Format: Paperback
In recent years, some philosophers, such as Kit Fine, E.J. Lowe, have been re-investigating an Aristotelian conception of metaphysics. This ultimately is rooted in the study of the "essence" of things. David Oderberg presents his own explanation of Aristotelian metaphysics and some of the things it entails. Oderberg deals preliminarily with modality, how this relates to modern problems (e.g. "possible worlds"), then replies to some objections against the concept of essences. Oderberg then continues to draw out conclusions and explain in clear terms such seemingly obscure things as essence, form, prime matter, analogy, being, species, genus, nature, etc. Important issues, such as the relation between evolutionary theory and the idea of necessary essences are discussed. The only thing that may have made this book better would have been if Oderberg mentioned a little bit more about science and philosophy of physics. Oderberg *does* talk about philosophy of biology, which may be somewhat more pertinent. Ultimately, Oderberg presents for an analytic audience a clear and concise enunciation of some central ideas in Aristotelian metaphysics.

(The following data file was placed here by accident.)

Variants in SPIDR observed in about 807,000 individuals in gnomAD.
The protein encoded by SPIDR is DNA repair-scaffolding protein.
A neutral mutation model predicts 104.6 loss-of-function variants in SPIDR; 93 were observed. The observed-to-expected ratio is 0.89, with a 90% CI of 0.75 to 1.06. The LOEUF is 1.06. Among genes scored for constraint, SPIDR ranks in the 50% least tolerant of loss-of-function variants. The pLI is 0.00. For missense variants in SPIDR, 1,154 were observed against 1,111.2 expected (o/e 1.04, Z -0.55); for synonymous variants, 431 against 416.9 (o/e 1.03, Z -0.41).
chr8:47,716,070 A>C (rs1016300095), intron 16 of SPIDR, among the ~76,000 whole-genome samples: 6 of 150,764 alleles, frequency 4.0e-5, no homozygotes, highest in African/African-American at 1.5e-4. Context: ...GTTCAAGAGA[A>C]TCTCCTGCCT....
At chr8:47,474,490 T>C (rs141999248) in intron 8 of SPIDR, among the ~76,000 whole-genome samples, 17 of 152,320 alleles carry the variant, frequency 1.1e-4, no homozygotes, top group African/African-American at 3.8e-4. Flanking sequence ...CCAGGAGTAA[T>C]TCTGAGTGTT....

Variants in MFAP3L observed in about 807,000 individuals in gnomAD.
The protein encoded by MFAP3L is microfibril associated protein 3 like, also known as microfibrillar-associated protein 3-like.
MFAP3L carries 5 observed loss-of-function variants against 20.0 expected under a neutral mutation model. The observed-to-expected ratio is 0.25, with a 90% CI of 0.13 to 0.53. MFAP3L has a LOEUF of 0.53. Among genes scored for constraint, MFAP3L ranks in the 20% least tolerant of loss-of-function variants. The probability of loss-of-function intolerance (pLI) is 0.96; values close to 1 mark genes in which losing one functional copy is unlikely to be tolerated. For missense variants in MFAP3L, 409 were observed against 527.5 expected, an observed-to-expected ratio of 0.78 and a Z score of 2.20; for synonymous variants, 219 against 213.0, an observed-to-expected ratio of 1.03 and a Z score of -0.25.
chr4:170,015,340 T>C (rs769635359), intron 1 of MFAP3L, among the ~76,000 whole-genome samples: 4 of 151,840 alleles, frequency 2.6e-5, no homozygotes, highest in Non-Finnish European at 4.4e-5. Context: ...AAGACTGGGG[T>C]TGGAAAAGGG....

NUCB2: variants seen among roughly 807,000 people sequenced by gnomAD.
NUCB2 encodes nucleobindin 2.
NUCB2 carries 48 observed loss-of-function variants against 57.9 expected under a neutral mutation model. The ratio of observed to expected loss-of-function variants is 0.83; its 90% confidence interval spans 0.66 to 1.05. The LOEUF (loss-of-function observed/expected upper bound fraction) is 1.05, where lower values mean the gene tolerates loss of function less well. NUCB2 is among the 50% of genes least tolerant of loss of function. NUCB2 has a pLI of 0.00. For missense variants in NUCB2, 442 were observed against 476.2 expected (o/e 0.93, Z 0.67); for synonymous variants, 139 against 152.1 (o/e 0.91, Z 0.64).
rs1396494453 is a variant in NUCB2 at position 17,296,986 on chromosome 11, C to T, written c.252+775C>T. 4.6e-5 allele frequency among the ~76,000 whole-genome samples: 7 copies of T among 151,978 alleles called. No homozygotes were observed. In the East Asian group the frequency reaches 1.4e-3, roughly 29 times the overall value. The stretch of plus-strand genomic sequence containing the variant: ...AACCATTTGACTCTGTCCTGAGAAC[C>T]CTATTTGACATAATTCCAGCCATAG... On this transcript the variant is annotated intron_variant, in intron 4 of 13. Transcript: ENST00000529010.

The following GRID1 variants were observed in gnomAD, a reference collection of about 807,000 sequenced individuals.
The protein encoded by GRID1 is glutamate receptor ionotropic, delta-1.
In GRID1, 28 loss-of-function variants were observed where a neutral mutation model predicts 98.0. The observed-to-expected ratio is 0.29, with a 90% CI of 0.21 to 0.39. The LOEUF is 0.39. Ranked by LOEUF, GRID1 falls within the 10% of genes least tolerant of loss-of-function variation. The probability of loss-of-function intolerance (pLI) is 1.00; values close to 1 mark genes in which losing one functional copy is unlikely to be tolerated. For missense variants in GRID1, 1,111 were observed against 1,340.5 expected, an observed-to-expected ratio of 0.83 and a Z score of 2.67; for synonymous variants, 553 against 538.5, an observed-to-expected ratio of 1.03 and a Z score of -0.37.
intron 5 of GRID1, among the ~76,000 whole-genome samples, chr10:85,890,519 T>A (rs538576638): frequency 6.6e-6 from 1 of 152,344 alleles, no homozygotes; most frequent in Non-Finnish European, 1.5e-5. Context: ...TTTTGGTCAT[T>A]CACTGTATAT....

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3 of 3 people found the following review helpful By Bobby Bambino on December 2, 2013
Format: Hardcover
This is not a book for the faint of heart. It is a book by a professional analytic philosopher defending an Aristotelian-Thomostic (AT) understanding of real essentialism, and it is written for those who are already familiar with much of the debate surrounding real essentialim in the sense that the author interacts with many other authors who argue either against real essentialism or hold to a view of essentialism (e.g. a "bundle theory") that is incompatible with the AT viewpoint of the author. Hence, this is a scholarly work as opposed to a popular level work like many of the books by fellow AT metaphysicist Edward Feser. I am not by any stretch of the imagination a professional philosopher, and so this book was very challenging for me. There are many parts that I will need to go back and reread.

That being said, someone like me who is only a lowly amateur scholastic was able to get much out of this book. Oderberg defines and defends the AT view of real essentialism; that is, he defends the proposition that things have real essences which are knowable (though not exhaustively) by us. As mentioned above, he critiques other forms of essentialism or those ideas associated with essentialism, such as "other worlds" and the view that the essence of something is simply a collection of properties (the so-called bundle theory). Chapter 3 is especially helpful, as in this chapter Oderberg gives the most robust positive defense of real essentialism, arguing why such a philosophy is necessary as well as how we can know essences. Other chapters are devoted to interacting with much of modern science and modern objections to essentialism.